Read Luke 15:11-32
A few years ago one of the men of our church shared with me his experience of the prison ministry retreat he had just been a part of. One of the things he told me was that, because the prisoners don’t often get to eat any sweets in prison, many of them attend the ministry retreat, “for the cookies.” In other words, they want a less stressful weekend… some cookies and other good food… but not necessarily Jesus. Jesus just happens to be there, with the cookies.
My friend then commented about how amazing it is for the men who work the retreat to watch the transformation of these same prisoners over the course of the weekend. On the first day of the retreat some prisoners almost boastfully declare that they are there only for the cookies. However, over the course of the weekend, as the Spirit moves in and through the men, the Word, prayer, fellowship, testimonies, etc., those same “cookie-seeking” men (at least many of them) really do encounter Christ and are truly changed by his Spirit.
Stoops to Conquer
For those who “come to Christ” and his church for dubious
reasons, God often “stoops to conquer.” That is, God will often show
up and lavish his grace upon a person, regardless of why that person
“thinks” he or she is there. When a person, even unwittingly, puts
himself or herself in the way of grace, Spirit-led change can take
Just think of these examples…
- People who “come to Jesus” to fix their marriages.
- Christmas Eve and Easter worship attenders who come to church twice a year, “religiously.”
- People who start going to church because they’re trying to get out of trouble with their spouse.
- Parents who go to church because their children, “need religion.”
- Folks who are trying to make business connections.
- Fill in the blank with 100 other examples.
Judge or Rejoice
It’s easy to judge
such people. We think we know what’s going on in their hearts. And it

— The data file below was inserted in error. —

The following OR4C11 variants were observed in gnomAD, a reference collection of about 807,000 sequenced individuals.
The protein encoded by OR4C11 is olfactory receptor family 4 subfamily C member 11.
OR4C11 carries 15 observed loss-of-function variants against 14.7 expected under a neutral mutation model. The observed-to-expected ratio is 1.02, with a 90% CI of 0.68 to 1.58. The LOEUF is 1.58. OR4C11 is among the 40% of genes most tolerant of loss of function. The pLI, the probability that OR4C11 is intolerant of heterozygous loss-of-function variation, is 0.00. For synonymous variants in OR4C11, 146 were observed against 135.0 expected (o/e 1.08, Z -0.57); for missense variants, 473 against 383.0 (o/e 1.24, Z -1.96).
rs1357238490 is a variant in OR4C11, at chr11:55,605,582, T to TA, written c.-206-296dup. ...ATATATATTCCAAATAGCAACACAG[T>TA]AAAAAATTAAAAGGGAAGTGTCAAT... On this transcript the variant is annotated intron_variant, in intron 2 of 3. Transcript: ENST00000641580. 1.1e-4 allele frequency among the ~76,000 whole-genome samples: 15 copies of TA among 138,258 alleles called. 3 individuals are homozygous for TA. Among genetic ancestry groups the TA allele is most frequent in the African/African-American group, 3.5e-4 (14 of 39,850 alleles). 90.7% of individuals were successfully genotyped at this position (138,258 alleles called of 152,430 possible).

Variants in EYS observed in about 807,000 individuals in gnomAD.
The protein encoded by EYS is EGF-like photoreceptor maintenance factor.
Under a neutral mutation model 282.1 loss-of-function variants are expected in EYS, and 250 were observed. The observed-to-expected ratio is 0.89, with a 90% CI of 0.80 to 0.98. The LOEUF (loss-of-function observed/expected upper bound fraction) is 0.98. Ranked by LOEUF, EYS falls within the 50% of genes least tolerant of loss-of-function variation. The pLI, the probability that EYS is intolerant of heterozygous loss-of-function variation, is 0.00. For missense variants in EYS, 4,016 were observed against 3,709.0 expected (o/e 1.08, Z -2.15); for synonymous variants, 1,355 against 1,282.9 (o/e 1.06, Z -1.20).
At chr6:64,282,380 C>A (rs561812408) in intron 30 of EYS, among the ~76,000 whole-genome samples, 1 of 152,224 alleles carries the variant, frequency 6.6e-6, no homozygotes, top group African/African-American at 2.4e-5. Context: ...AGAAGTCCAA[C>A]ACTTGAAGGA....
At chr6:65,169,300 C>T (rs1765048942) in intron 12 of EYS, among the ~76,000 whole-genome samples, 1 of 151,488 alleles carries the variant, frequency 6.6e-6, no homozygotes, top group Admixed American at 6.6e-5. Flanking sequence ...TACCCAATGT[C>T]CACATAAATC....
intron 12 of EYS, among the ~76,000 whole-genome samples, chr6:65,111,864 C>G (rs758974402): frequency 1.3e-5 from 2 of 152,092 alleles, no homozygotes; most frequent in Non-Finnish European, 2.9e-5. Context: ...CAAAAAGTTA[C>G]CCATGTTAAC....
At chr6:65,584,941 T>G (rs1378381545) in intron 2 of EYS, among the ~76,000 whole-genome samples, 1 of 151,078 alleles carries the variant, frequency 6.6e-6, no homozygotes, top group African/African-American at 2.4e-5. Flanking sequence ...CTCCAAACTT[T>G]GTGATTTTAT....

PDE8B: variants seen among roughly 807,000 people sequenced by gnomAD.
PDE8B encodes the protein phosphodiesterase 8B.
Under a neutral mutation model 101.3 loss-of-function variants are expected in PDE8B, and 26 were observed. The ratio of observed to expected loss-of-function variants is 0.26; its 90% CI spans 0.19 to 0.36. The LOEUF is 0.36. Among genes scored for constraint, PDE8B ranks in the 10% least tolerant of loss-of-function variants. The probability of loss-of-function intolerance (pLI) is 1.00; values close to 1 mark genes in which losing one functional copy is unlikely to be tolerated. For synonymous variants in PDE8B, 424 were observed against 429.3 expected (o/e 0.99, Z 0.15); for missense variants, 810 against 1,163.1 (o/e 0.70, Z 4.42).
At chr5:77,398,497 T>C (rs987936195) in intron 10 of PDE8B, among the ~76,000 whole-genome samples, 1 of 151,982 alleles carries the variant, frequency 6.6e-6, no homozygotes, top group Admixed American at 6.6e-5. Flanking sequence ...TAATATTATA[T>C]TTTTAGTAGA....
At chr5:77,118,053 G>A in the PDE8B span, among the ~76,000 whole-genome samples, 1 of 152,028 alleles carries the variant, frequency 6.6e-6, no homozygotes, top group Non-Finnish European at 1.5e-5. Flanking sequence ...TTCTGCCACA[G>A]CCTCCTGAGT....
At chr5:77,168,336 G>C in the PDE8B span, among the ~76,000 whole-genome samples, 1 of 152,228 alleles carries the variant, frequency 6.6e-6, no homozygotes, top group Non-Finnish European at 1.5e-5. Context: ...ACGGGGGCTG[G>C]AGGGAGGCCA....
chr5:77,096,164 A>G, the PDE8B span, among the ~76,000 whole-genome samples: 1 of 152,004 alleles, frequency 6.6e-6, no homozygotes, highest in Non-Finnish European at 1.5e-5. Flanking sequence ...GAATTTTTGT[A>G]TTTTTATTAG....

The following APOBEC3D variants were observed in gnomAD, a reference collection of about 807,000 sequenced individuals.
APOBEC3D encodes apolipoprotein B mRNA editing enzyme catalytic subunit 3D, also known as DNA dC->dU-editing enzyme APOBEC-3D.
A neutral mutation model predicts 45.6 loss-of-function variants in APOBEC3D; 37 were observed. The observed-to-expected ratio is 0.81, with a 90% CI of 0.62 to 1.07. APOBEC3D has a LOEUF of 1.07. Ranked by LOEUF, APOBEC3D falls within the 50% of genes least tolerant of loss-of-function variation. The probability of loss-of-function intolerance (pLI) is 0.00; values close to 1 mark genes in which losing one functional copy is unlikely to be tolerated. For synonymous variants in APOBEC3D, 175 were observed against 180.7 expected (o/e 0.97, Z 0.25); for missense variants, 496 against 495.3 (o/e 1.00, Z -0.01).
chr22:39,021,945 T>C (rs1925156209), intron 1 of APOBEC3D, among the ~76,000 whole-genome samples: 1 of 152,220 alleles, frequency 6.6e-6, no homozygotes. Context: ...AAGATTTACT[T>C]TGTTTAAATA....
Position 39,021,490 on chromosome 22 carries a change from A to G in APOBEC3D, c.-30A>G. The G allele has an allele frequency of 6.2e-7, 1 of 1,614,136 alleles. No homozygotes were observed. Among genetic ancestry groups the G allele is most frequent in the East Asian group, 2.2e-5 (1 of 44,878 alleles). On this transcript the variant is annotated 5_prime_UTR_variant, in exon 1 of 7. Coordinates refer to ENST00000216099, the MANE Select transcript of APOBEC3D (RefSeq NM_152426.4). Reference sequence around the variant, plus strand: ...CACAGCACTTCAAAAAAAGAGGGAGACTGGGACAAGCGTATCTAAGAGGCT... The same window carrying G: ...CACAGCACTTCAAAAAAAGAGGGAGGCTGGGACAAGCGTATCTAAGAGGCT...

is true that some people might do all of this and more,
and then leave the church, only having eaten a few cookies. Yet,
instead of judging such folks, let our hope be that they brush
up against God’s grace and that God’s grace will be filed away in
that person’s heart for God to use at a later time. That should be
So let folks come for the cookies. And let us pray that they genuinely meet our Lord and come to know, love, and follow him… and then stay for the feast.
- I confess, I am often judgmental when it comes to those whom I perceive as having ulterior motives for coming to church. God continues to do a work in my life of filing down those sharp edges and softening my heart so that I can rejoice instead of judge. Do you struggle with this? Why do you think that is?
- I recently heard another person express this attitude as the “attitude of the older brother” in Jesus’ parable of the Prodigal Son. Read Luke 15:11-32. In what ways are you like the older brother in the story?
- What are some ways we can cultivate the attitude of the father in the parable and rejoice when we see a “prodigal” return, or when a person whom we deem to have ulterior motives begins attending church? (hint, repentance on our part is involved)
- Think back to when you first came (or came back) to Christ. Were you met with judgment or with grace and joy? What difference did that make in your life?
- Talk with two or three Christians about these questions. Pray that
the Lord will help you become one who welcomes folks who “come for the cookies”
and rejoice that they’re there, even while speaking the truth in love to them.